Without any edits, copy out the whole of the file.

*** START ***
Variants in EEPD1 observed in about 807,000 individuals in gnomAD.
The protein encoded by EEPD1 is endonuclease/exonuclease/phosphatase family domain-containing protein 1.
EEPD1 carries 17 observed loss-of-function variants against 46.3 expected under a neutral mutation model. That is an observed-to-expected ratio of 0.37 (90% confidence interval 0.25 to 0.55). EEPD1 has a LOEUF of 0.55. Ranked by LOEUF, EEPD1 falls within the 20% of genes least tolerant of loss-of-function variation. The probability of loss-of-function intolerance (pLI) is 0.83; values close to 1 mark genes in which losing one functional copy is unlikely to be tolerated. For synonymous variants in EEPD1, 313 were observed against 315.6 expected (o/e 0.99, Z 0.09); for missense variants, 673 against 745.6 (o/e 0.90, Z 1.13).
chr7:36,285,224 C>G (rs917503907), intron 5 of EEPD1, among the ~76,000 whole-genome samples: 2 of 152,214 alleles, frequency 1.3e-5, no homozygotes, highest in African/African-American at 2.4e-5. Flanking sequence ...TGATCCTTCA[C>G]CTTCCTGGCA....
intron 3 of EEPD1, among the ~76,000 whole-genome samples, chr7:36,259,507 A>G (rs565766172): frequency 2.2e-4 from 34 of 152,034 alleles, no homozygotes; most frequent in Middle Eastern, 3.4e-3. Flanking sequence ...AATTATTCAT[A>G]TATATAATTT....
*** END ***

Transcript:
Variants in EEPD1 observed in about 807,000 individuals in gnomAD.
The protein encoded by EEPD1 is endonuclease/exonuclease/phosphatase family domain-containing protein 1.
EEPD1 carries 17 observed loss-of-function variants against 46.3 expected under a neutral mutation model. That is an observed-to-expected ratio of 0.37 (90% confidence interval 0.25 to 0.55). EEPD1 has a LOEUF of 0.55. Ranked by LOEUF, EEPD1 falls within the 20% of genes least tolerant of loss-of-function variation. The probability of loss-of-function intolerance (pLI) is 0.83; values close to 1 mark genes in which losing one functional copy is unlikely to be tolerated. For synonymous variants in EEPD1, 313 were observed against 315.6 expected (o/e 0.99, Z 0.09); for missense variants, 673 against 745.6 (o/e 0.90, Z 1.13).
chr7:36,285,224 C>G (rs917503907), intron 5 of EEPD1, among the ~76,000 whole-genome samples: 2 of 152,214 alleles, frequency 1.3e-5, no homozygotes, highest in African/African-American at 2.4e-5. Flanking sequence ...TGATCCTTCA[C>G]CTTCCTGGCA....
intron 3 of EEPD1, among the ~76,000 whole-genome samples, chr7:36,259,507 A>G (rs565766172): frequency 2.2e-4 from 34 of 152,034 alleles, no homozygotes; most frequent in Middle Eastern, 3.4e-3. Flanking sequence ...AATTATTCAT[A>G]TATATAATTT....